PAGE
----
Evaluation of the mental health impacts of Universal Credit: protocol for a mixed methods study

Peter Craig*, Benjamin Barr, Andrew J. Baxter, Heather Brown, Mandy Cheetham, Marcia Gibson, Srinivasa Vittal Katikireddi, Suzanne Moffatt, Steph Morris, Luke Aaron Munford, Matteo Richiardi, Matt Sutton, David Taylor-Robinson, Sophie Wickham, Huasheng Xiang, Clare Bambra

*Corresponding author for this work

Research output: Contribution to journalArticlepeer-review

Abstract

INTRODUCTION: The UK social security system is being transformed by the implementation of Universal Credit (UC), which combines six existing benefits and tax credits into a single payment for low-income households. Despite extensive reports of hardship associated with the introduction of UC, no previous studies have comprehensively evaluated its impact on mental health. Because payments are targeted at low-income households, impacts on mental health will have important consequences for health inequalities.            METHODS AND ANALYSIS: We will conduct a mixed methods study. Work package (WP) 1 will compare health outcomes for new recipients of UC with outcomes for legacy benefit recipients in two large population surveys, using the phased rollout of UC as a natural experiment. We will also analyse the relationship between the proportion of UC claimants in small areas and a composite measure of mental health. WP2 will use data collected by Citizen's Advice to explore the sociodemographic and health characteristics of people who seek advice when claiming UC and identify features of the claim process that prompt advice-seeking. WP3 will conduct longitudinal in-depth interviews with up to 80 UC claimants in England and Scotland to explore reasons for claiming and experiences of the claim process. Up to 30 staff supporting claimants will also be interviewed. WP4 will use a dynamic microsimulation model to simulate the long-term health impacts of different implementation scenarios. WP5 will undertake cost-consequence analysis of the potential costs and outcomes of introducing UC and cost-benefit analyses of mitigating actions. ETHICS AND DISSEMINATION: We obtained ethical approval for the primary data gathering from the University of Glasgow, College of Social Sciences Research Ethics Committee, application number 400200244. We will use our networks to actively disseminate findings to UC claimants, the public, practitioners and policy-makers, using a range of methods and formats.                                 TRIAL REGISTRATION NUMBER: The study is registered with the Research Registry: researchregistry6697.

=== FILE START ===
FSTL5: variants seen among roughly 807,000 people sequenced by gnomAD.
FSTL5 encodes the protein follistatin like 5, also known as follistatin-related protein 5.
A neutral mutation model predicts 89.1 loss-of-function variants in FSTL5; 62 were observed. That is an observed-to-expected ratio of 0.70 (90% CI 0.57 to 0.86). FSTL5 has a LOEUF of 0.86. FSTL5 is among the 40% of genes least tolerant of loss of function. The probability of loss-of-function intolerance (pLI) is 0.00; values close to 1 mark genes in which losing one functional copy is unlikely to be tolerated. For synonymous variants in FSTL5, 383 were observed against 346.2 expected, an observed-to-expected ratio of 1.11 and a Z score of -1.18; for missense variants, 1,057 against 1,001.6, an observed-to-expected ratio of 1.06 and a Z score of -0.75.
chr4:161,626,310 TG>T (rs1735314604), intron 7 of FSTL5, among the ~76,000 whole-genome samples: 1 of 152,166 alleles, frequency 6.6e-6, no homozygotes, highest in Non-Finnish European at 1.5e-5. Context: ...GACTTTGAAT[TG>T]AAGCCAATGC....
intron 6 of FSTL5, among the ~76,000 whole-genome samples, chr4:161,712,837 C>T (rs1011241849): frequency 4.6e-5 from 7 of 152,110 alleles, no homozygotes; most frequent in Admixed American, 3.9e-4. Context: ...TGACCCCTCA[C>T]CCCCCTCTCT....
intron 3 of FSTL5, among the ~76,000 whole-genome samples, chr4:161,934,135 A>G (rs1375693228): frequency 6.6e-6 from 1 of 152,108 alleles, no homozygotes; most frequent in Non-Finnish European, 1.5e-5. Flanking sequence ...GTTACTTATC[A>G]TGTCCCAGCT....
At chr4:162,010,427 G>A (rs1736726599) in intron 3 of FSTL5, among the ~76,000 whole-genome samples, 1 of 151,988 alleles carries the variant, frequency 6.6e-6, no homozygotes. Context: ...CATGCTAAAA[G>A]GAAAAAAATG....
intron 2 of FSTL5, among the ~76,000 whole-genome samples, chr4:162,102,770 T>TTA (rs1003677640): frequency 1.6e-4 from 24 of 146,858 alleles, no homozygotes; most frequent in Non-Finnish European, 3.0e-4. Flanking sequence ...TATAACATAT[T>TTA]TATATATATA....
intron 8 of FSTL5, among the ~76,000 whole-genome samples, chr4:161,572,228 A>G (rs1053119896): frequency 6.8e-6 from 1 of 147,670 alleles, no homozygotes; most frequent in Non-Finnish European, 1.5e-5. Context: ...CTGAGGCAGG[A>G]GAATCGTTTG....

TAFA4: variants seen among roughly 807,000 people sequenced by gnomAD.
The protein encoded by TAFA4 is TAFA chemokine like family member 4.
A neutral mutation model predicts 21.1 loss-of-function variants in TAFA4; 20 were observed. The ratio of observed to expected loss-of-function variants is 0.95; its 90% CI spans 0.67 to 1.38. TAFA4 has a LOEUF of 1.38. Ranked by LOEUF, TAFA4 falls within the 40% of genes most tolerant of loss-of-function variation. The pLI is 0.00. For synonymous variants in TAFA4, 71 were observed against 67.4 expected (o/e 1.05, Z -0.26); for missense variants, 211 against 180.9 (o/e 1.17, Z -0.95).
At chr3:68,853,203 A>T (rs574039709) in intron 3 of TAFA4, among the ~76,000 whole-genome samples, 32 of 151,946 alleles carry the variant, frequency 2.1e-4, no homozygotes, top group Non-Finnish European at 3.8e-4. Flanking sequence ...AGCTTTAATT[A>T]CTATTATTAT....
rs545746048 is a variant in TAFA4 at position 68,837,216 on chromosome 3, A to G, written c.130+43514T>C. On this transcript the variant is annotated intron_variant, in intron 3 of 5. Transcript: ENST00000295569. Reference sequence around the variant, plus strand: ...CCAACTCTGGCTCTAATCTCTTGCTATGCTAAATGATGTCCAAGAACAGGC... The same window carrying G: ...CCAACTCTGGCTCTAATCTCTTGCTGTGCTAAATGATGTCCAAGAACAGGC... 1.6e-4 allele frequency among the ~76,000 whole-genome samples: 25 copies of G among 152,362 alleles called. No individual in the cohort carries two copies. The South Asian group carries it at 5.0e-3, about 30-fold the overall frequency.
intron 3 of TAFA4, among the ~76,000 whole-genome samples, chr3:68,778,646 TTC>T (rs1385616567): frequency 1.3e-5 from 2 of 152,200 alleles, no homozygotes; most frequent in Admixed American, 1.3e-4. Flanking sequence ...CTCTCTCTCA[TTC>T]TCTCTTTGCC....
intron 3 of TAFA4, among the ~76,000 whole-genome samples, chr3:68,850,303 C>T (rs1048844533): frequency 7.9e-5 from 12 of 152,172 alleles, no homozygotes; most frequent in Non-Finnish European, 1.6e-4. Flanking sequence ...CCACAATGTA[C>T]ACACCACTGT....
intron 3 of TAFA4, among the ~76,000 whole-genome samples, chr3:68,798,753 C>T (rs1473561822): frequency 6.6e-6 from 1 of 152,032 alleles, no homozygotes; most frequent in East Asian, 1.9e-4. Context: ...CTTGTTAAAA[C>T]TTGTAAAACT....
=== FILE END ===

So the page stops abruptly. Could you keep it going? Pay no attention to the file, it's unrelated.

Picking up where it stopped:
Original languageEnglish
Article numbere061340
Pages (from-to)1-8
Number of pages8
JournalBMJ Open
Volume12
Issue number4
DOIs
Publication statusPublished - 8 Apr 2022

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